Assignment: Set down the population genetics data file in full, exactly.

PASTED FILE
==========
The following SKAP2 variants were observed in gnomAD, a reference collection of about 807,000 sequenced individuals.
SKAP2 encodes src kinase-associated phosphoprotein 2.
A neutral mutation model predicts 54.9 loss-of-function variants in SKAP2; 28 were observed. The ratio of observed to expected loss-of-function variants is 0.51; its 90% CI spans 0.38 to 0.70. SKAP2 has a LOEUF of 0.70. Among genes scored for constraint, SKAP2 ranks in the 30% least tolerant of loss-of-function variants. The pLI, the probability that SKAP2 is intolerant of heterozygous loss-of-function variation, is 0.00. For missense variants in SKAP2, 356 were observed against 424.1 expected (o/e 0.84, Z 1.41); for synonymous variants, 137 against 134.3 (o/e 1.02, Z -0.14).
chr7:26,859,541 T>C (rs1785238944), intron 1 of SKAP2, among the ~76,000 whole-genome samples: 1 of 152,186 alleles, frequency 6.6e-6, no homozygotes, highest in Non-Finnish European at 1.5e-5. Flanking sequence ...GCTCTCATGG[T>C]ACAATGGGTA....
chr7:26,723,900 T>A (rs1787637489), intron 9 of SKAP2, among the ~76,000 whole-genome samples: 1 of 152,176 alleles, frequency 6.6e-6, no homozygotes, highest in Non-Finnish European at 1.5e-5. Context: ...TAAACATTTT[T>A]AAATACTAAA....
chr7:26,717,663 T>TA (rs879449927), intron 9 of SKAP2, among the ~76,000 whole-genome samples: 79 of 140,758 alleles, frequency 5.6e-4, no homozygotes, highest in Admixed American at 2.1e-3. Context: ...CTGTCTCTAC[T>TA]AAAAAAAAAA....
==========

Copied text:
The following SKAP2 variants were observed in gnomAD, a reference collection of about 807,000 sequenced individuals.
SKAP2 encodes src kinase-associated phosphoprotein 2.
A neutral mutation model predicts 54.9 loss-of-function variants in SKAP2; 28 were observed. The ratio of observed to expected loss-of-function variants is 0.51; its 90% CI spans 0.38 to 0.70. SKAP2 has a LOEUF of 0.70. Among genes scored for constraint, SKAP2 ranks in the 30% least tolerant of loss-of-function variants. The pLI, the probability that SKAP2 is intolerant of heterozygous loss-of-function variation, is 0.00. For missense variants in SKAP2, 356 were observed against 424.1 expected (o/e 0.84, Z 1.41); for synonymous variants, 137 against 134.3 (o/e 1.02, Z -0.14).
chr7:26,859,541 T>C (rs1785238944), intron 1 of SKAP2, among the ~76,000 whole-genome samples: 1 of 152,186 alleles, frequency 6.6e-6, no homozygotes, highest in Non-Finnish European at 1.5e-5. Flanking sequence ...GCTCTCATGG[T>C]ACAATGGGTA....
chr7:26,723,900 T>A (rs1787637489), intron 9 of SKAP2, among the ~76,000 whole-genome samples: 1 of 152,176 alleles, frequency 6.6e-6, no homozygotes, highest in Non-Finnish European at 1.5e-5. Context: ...TAAACATTTT[T>A]AAATACTAAA....
chr7:26,717,663 T>TA (rs879449927), intron 9 of SKAP2, among the ~76,000 whole-genome samples: 79 of 140,758 alleles, frequency 5.6e-4, no homozygotes, highest in Admixed American at 2.1e-3. Context: ...CTGTCTCTAC[T>TA]AAAAAAAAAA....